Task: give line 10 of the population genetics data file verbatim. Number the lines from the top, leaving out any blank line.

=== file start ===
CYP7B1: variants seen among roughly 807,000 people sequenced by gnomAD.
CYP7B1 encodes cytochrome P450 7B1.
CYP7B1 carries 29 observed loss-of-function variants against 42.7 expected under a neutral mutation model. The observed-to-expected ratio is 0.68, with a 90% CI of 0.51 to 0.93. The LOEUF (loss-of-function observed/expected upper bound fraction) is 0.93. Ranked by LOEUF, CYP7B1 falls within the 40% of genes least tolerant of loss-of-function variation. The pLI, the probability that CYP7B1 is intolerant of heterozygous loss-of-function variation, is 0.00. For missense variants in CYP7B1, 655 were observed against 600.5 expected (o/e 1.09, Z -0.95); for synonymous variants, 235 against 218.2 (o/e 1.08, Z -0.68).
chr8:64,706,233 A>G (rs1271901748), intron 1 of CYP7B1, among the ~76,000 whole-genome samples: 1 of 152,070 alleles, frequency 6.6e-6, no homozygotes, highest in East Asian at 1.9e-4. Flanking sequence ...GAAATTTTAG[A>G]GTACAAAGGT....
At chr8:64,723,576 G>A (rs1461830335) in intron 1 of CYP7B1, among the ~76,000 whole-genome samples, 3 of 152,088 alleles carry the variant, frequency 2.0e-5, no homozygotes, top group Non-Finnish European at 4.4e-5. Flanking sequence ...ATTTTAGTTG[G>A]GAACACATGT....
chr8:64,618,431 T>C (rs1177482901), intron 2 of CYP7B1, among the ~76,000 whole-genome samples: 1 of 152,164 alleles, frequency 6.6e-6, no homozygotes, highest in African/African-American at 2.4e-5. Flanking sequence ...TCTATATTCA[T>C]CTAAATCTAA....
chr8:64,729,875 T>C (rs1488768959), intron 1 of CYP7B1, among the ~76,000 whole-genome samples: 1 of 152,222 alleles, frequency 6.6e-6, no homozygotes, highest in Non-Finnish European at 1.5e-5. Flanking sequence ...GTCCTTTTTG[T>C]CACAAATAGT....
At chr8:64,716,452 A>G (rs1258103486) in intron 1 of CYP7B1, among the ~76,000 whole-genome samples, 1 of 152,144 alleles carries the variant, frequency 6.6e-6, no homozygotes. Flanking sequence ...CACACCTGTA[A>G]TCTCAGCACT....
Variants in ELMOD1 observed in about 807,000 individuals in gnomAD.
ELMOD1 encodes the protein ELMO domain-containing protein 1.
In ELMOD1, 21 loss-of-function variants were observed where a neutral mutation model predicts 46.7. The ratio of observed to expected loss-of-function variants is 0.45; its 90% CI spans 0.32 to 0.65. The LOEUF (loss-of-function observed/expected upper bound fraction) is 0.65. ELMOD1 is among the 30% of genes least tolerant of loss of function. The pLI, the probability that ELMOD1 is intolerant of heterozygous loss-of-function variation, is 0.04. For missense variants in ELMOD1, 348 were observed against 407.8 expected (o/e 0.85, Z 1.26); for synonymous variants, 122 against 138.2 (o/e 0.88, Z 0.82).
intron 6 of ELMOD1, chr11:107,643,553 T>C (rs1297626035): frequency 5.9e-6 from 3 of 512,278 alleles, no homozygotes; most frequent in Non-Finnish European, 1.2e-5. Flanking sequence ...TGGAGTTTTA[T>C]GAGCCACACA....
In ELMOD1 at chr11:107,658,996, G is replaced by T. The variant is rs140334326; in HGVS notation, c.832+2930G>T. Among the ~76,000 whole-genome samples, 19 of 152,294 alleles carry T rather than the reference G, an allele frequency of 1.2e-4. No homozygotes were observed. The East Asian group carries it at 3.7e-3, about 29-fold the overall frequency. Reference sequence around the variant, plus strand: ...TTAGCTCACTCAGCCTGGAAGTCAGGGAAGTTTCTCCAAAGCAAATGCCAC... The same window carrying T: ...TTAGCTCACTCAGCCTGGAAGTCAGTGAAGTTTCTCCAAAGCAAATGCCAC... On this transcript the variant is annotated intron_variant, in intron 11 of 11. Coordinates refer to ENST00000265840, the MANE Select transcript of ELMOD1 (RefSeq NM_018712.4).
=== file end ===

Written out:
ELMOD1 encodes the protein ELMO domain-containing protein 1.